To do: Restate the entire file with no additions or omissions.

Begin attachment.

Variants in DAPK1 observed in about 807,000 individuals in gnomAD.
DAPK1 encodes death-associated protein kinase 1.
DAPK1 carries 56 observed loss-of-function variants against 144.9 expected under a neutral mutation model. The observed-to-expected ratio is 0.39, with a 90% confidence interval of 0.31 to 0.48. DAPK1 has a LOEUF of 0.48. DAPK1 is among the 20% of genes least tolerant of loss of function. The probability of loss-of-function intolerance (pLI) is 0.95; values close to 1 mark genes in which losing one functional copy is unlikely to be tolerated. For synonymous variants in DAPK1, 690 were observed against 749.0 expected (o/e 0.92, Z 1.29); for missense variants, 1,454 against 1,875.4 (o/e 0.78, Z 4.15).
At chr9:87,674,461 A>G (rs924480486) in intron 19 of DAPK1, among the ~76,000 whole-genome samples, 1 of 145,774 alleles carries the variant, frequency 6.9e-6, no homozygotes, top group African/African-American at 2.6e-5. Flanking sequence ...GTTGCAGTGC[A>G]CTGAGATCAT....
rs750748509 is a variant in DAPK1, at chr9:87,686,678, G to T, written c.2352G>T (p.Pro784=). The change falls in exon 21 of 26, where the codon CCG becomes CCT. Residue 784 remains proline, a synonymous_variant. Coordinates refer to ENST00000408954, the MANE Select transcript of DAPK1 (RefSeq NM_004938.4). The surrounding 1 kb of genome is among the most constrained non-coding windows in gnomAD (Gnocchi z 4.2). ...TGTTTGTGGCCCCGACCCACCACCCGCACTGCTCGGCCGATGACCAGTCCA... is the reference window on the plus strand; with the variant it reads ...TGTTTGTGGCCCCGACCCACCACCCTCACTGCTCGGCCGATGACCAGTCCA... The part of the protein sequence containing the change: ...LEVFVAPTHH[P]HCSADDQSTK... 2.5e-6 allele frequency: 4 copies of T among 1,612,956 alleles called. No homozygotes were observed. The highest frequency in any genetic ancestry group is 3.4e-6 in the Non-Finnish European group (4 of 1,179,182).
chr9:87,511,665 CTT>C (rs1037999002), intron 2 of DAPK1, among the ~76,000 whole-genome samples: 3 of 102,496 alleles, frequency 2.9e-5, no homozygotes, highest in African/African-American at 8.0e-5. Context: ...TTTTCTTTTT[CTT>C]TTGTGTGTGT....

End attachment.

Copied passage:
Variants in DAPK1 observed in about 807,000 individuals in gnomAD.
DAPK1 encodes death-associated protein kinase 1.
DAPK1 carries 56 observed loss-of-function variants against 144.9 expected under a neutral mutation model. The observed-to-expected ratio is 0.39, with a 90% confidence interval of 0.31 to 0.48. DAPK1 has a LOEUF of 0.48. DAPK1 is among the 20% of genes least tolerant of loss of function. The probability of loss-of-function intolerance (pLI) is 0.95; values close to 1 mark genes in which losing one functional copy is unlikely to be tolerated. For synonymous variants in DAPK1, 690 were observed against 749.0 expected (o/e 0.92, Z 1.29); for missense variants, 1,454 against 1,875.4 (o/e 0.78, Z 4.15).
At chr9:87,674,461 A>G (rs924480486) in intron 19 of DAPK1, among the ~76,000 whole-genome samples, 1 of 145,774 alleles carries the variant, frequency 6.9e-6, no homozygotes, top group African/African-American at 2.6e-5. Flanking sequence ...GTTGCAGTGC[A>G]CTGAGATCAT....
rs750748509 is a variant in DAPK1, at chr9:87,686,678, G to T, written c.2352G>T (p.Pro784=). The change falls in exon 21 of 26, where the codon CCG becomes CCT. Residue 784 remains proline, a synonymous_variant. Coordinates refer to ENST00000408954, the MANE Select transcript of DAPK1 (RefSeq NM_004938.4). The surrounding 1 kb of genome is among the most constrained non-coding windows in gnomAD (Gnocchi z 4.2). ...TGTTTGTGGCCCCGACCCACCACCCGCACTGCTCGGCCGATGACCAGTCCA... is the reference window on the plus strand; with the variant it reads ...TGTTTGTGGCCCCGACCCACCACCCTCACTGCTCGGCCGATGACCAGTCCA... The part of the protein sequence containing the change: ...LEVFVAPTHH[P]HCSADDQSTK... 2.5e-6 allele frequency: 4 copies of T among 1,612,956 alleles called. No homozygotes were observed. The highest frequency in any genetic ancestry group is 3.4e-6 in the Non-Finnish European group (4 of 1,179,182).
chr9:87,511,665 CTT>C (rs1037999002), intron 2 of DAPK1, among the ~76,000 whole-genome samples: 3 of 102,496 alleles, frequency 2.9e-5, no homozygotes, highest in African/African-American at 8.0e-5. Context: ...TTTTCTTTTT[CTT>C]TTGTGTGTGT....